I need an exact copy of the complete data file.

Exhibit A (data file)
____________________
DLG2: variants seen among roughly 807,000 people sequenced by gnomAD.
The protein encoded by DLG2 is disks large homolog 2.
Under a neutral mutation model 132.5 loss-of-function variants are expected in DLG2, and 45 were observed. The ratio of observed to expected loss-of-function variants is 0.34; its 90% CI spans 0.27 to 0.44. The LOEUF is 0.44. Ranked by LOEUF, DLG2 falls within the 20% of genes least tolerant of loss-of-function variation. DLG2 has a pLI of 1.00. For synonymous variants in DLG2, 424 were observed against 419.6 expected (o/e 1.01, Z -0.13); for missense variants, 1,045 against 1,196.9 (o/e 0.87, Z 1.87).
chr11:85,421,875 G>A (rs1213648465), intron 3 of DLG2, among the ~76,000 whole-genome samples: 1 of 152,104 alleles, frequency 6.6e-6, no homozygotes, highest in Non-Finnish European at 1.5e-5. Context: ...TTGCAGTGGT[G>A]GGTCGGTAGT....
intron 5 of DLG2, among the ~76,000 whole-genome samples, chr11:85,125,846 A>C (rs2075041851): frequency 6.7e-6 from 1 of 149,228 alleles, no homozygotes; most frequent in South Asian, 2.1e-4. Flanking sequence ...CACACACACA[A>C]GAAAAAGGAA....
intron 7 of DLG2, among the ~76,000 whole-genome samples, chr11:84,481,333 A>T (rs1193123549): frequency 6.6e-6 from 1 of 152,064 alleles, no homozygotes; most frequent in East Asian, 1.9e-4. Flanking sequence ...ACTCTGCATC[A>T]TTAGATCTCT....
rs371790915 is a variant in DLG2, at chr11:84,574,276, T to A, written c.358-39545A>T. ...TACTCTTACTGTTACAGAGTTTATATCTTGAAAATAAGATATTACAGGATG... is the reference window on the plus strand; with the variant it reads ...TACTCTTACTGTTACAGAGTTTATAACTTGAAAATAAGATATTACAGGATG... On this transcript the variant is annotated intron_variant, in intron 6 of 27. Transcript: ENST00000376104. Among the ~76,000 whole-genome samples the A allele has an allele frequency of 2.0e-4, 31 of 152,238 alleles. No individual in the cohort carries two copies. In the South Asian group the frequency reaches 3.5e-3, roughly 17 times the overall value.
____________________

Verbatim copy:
DLG2: variants seen among roughly 807,000 people sequenced by gnomAD.
The protein encoded by DLG2 is disks large homolog 2.
Under a neutral mutation model 132.5 loss-of-function variants are expected in DLG2, and 45 were observed. The ratio of observed to expected loss-of-function variants is 0.34; its 90% CI spans 0.27 to 0.44. The LOEUF is 0.44. Ranked by LOEUF, DLG2 falls within the 20% of genes least tolerant of loss-of-function variation. DLG2 has a pLI of 1.00. For synonymous variants in DLG2, 424 were observed against 419.6 expected (o/e 1.01, Z -0.13); for missense variants, 1,045 against 1,196.9 (o/e 0.87, Z 1.87).
chr11:85,421,875 G>A (rs1213648465), intron 3 of DLG2, among the ~76,000 whole-genome samples: 1 of 152,104 alleles, frequency 6.6e-6, no homozygotes, highest in Non-Finnish European at 1.5e-5. Context: ...TTGCAGTGGT[G>A]GGTCGGTAGT....
intron 5 of DLG2, among the ~76,000 whole-genome samples, chr11:85,125,846 A>C (rs2075041851): frequency 6.7e-6 from 1 of 149,228 alleles, no homozygotes; most frequent in South Asian, 2.1e-4. Flanking sequence ...CACACACACA[A>C]GAAAAAGGAA....
intron 7 of DLG2, among the ~76,000 whole-genome samples, chr11:84,481,333 A>T (rs1193123549): frequency 6.6e-6 from 1 of 152,064 alleles, no homozygotes; most frequent in East Asian, 1.9e-4. Flanking sequence ...ACTCTGCATC[A>T]TTAGATCTCT....
rs371790915 is a variant in DLG2, at chr11:84,574,276, T to A, written c.358-39545A>T. ...TACTCTTACTGTTACAGAGTTTATATCTTGAAAATAAGATATTACAGGATG... is the reference window on the plus strand; with the variant it reads ...TACTCTTACTGTTACAGAGTTTATAACTTGAAAATAAGATATTACAGGATG... On this transcript the variant is annotated intron_variant, in intron 6 of 27. Transcript: ENST00000376104. Among the ~76,000 whole-genome samples the A allele has an allele frequency of 2.0e-4, 31 of 152,238 alleles. No individual in the cohort carries two copies. In the South Asian group the frequency reaches 3.5e-3, roughly 17 times the overall value.